The eating of the hare may have been associated with various longstanding folk traditions of scaring away witches at Easter. Throughout northern Europe, folk traditions record a strong belief that witches would often take the form of a hare, usually for causing mischief such as stealing milk from neighbors’ cows. Witches in medieval Europe were said to be able to suck out the life energy of others, making them ill.

The idea that the witches of winter should be banished at Easter is a common European folk motif appearing in several festivities and rituals. The spring equinox, with its promise of new life, was held symbolically in opposition to the life-draining activities of witches and winter.

This idea provides the underlying rationale behind various festivities and rituals, such as the Osterfeuer, or Easter Fire, a celebration in Germany involving large outdoor bonfires meant to scare away witches. In Sweden, popular folklore states that at Easter, the witches all fly away on their broomsticks to feast and dance with the devil on the legendary island of Blåkulla, in the Baltic Sea.

Pagan origins

In 1835, the folklorist Jacob Grimm, one of the famous team of the fairy tale Brothers Grimm, argued that the Easter hare was connected to a goddess he imagined would have been called “Ostara” in ancient German. He derived this name from the Anglo-Saxon goddess Eostre, who Bede, an early medieval monk considered to be the father of English history, mentioned in 731 C.E.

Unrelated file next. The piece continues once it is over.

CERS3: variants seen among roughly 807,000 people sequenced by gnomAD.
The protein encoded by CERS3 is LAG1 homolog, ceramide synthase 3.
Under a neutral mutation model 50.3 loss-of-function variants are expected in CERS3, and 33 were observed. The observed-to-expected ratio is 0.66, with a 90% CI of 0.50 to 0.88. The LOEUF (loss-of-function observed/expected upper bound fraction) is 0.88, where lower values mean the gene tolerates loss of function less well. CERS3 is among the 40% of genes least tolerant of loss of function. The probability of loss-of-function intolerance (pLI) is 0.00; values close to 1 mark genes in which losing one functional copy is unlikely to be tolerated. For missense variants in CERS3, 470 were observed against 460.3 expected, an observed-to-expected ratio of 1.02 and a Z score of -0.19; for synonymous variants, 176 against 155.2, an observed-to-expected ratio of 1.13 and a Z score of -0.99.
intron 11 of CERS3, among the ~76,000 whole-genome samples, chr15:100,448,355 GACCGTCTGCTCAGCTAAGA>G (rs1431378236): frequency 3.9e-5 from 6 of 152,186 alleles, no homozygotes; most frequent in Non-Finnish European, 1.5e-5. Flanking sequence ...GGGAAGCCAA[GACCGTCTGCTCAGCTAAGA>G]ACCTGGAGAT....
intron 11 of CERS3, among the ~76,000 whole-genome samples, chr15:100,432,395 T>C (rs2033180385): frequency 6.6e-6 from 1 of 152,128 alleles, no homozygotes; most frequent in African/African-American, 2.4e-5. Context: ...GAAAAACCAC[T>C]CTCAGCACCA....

Bede noted that in eighth-century England, the month of April was called Eosturmonath, or Eostre Month, after the goddess Eostre. He wrote that a pagan festival of spring in the name of the goddess had become assimilated into the Christian celebration of the resurrection of Christ.

While most European languages refer to the Christian holiday with names that come from the Jewish holiday of Passover, such as Pâques in French or Påsk in Swedish, German and English languages retain this older, non-biblical word: Easter.

Titian, Mary and Infant Jesus With a Rabbit, circa 1530
Titian, Mary and Infant Jesus With a Rabbit, circa 1530 Public domain via Wikimedia Commons

Recent archaeological research appears to confirm the worship of Eostre in parts of England and Germany, with the hare as her main symbol. The Easter bunny therefore seems to recall these pre-Christian celebrations of spring, heralded by the vernal equinox and personified by the goddess Eostre.

After a long, cold, northern winter, it seems natural enough for people to celebrate themes of resurrection and rebirth. The flowers are blooming, birds are laying eggs and baby bunnies are hopping about.

As new life emerges in spring, the Easter bunny hops back once again, providing a longstanding cultural symbol to remind us of the cycles and stages of our own lives.

Tok Thompson is an anthropologist at the University of Southern California. From 2013 to 2017, he was the editor for Western Folklore. Recent books include The Truth of Myth, a textbook for World Mythology (with Gregory Schrempp) and a casebook entitled Posthuman Folklore.

This article is republished from The Conversation under a Creative Commons license. Read the original article.